Chris attended high school in New Jersey where he was a three-sport athlete in football, wrestling, and track. He received a varsity letter in all three sports and served as the captain of both the football and wrestling teams. After high school Chris attended the United States Military Academy at West Point. At West Point he played on the Army West Point football team. Chris later went on to get a master’s degree in software engineering at Florida A&M University. After finishing grad school, Chris worked full-time as a business analyst, consultant, and project manager at Accenture, Amdocs, and Lockheed Martin for 10 years. Chris left his job at Lockheed Martin to launch the startup Nichevertising, a software solution Chris built to help emerging thought leaders engage with the journalists and influencers in their niche. However, Chris shut down the company in August 2015 because he realized that he wasn’t following his true passion – helping youth and high school athletes reach their potential and enjoy their sports journey. With the help of his long-time mentor Reggie and his company Your Crescendo Chris found this purpose. Chris started working as a consultant for Your Crescendo in 2015, but things really started to click in early 2018 when he started consulting for one of Your Crescendo's key faith-based clients. These experiences brought him closer to his faith and his purpose to serve. He realized that his purpose in life was to combine his experiences from being an entrepreneur, software engineer, project manager, consultant, coach, dad, husband, and youth sports advocate. Have you been “that parent” and later regretted casting your own ambition, disappointment, or expectations on your athlete? This episode is for you!

Chris joins Kathy to discuss finding your purpose and balance as a sport parent to perform to your strengths and act as a guide to growing athletes, rather!  than a dad-coach or mom-coach. He shares his experience of developing an understanding of his own strengths and learning when to pull back. His approach shifted from feedback and self-learning, and this episode is absolutely brimming with hard-won wisdom. Chris strongly recommends parenting from your own unique strengths rather than trying to do it all, and mentions the Clifton StrengthsFinder assessment. If you are interested in finding out more, find StrengthsFinder at https://www.gallupstrengthscenter.com/home/en-us/strengthsfinder. Chris can be found at http://chrismance.com, and Kathy would also love to hear from you! Connect with her on social media @sportpsychworks and through https://www.kafcounselingandsportperformance.com/contact.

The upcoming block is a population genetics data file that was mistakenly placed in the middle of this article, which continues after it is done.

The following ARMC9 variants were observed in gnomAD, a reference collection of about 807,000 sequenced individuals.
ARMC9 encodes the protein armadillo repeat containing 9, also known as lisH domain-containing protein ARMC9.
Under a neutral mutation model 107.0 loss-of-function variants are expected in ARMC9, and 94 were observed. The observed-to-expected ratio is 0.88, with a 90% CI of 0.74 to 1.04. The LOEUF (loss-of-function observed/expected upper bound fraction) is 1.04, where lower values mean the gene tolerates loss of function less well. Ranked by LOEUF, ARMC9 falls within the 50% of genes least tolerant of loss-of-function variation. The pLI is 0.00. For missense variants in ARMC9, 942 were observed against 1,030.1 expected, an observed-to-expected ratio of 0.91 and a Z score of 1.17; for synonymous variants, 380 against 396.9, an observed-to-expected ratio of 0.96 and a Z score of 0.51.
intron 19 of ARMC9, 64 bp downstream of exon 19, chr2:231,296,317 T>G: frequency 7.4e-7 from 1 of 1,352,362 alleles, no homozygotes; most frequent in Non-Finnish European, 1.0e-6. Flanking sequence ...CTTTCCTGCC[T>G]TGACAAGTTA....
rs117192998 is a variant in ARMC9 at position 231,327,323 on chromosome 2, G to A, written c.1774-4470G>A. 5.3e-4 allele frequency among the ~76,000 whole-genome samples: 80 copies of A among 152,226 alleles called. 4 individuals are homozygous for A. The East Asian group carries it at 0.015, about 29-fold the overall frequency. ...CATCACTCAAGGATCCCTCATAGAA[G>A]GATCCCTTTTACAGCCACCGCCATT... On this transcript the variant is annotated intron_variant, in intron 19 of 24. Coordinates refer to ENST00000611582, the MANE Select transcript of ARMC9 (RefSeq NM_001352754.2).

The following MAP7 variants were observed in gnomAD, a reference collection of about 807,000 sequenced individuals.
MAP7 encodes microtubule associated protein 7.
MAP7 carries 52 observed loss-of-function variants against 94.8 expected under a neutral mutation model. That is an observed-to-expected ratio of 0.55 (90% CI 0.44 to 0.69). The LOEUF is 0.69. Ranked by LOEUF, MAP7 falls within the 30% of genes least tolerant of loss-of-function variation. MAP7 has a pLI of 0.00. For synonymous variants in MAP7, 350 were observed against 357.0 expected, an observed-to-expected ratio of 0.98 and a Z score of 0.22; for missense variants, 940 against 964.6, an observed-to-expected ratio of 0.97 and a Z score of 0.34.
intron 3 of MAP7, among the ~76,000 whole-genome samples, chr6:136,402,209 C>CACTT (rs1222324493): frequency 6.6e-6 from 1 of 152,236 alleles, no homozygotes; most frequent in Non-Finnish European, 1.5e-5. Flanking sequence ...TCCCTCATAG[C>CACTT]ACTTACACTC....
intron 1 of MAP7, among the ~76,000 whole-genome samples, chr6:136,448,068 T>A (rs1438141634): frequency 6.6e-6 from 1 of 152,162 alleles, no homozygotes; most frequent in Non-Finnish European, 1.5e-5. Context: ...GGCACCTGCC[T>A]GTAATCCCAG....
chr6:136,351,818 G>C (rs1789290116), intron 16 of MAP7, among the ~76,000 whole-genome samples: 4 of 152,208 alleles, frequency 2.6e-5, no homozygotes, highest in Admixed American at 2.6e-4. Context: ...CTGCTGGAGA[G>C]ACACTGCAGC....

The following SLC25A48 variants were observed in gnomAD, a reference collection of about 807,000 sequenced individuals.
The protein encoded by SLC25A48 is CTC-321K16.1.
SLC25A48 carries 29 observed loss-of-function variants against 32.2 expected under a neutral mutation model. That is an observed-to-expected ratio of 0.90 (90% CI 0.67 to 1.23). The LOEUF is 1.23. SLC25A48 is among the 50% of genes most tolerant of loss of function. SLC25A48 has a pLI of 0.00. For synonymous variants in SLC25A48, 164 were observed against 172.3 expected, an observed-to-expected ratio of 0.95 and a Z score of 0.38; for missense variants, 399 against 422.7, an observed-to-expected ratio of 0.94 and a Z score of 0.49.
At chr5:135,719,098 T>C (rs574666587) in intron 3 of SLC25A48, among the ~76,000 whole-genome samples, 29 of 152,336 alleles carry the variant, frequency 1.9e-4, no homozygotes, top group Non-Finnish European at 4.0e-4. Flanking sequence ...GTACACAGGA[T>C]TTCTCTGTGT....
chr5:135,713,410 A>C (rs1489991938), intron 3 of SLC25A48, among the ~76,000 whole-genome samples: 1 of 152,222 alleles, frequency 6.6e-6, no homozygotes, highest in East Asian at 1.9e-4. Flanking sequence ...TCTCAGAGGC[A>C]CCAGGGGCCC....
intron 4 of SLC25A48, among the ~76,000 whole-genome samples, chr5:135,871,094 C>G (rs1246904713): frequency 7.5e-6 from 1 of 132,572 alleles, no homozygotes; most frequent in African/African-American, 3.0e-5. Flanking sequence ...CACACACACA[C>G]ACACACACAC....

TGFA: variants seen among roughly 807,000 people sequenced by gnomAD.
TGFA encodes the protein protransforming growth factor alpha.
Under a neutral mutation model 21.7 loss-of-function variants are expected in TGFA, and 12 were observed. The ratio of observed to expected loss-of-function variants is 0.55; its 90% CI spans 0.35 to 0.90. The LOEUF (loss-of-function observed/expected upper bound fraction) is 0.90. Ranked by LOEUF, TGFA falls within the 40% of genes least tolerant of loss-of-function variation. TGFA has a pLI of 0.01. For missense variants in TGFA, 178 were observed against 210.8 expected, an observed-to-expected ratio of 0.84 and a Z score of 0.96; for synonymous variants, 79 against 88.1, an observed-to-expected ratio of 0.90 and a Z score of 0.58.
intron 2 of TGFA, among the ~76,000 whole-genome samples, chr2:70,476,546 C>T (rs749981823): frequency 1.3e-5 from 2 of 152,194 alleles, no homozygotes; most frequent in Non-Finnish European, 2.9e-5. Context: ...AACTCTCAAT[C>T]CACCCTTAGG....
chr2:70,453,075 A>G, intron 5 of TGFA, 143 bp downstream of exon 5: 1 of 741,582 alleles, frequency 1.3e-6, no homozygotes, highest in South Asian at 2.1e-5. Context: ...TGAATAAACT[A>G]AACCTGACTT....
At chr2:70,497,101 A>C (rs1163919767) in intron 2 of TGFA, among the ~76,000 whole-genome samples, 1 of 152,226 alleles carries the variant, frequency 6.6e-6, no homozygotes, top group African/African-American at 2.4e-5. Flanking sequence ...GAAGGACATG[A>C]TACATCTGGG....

Episode 54: Dr. Robert A Weil on Podiatry in Youth Sports and his New Book, #Hey Sport Parents

There’s so much overkill and overuse in youth sports.
— Dr. Robert A Weil

Dr. Bob has treated many of the world’s premier athletes from all types of sports. He is the host of “The Sports Doctor™” Radio Show. The show is featured on BBS Radio Network, UK Health Radio Network & Sports 4 Fanz Radio. Dr. Bob was formerly on HealthyLife Radio and was also on WDCB public radio in Chicago for over 20 years. He has written articles for many newspapers and magazines, and is a frequent guest on other networks. He is a Sports Podiatrist, specializing in orthotics that improve alignment, stability, balance, and performance. This episode is packed with information from Dr. Bob! This is a fun and vital listen, as Kathy and Dr. Bob discuss his new book, “#Hey Sports Parents!”, overuse injuries, and the mental and physical challenges of youth sports, and how to deal with the pressure from both the parent perspective and athlete perspective. Dr. Bob shares his immense knowledge on how specialization and training can affect not only the feet and ankles, but the entire body. Podiatry could be the missing element from your training! Learn more from Dr. Bob on his website, http://sportsdoctorradio.com, and if you enjoy the show, please like, share, and rate us in your favorite place to listen. Kathy would love to connect with you! Find her on social media @sportpsychworks and through https://www.kafcounselingandsportperformance.com/contact.



Episode 53: Dr. Jerry Lynch on Self-Reflection and Awareness

In life, without self-awareness, we cut off our potential to grow in a way that we find really deep true meaning in life.
— Dr. Jerry Lynch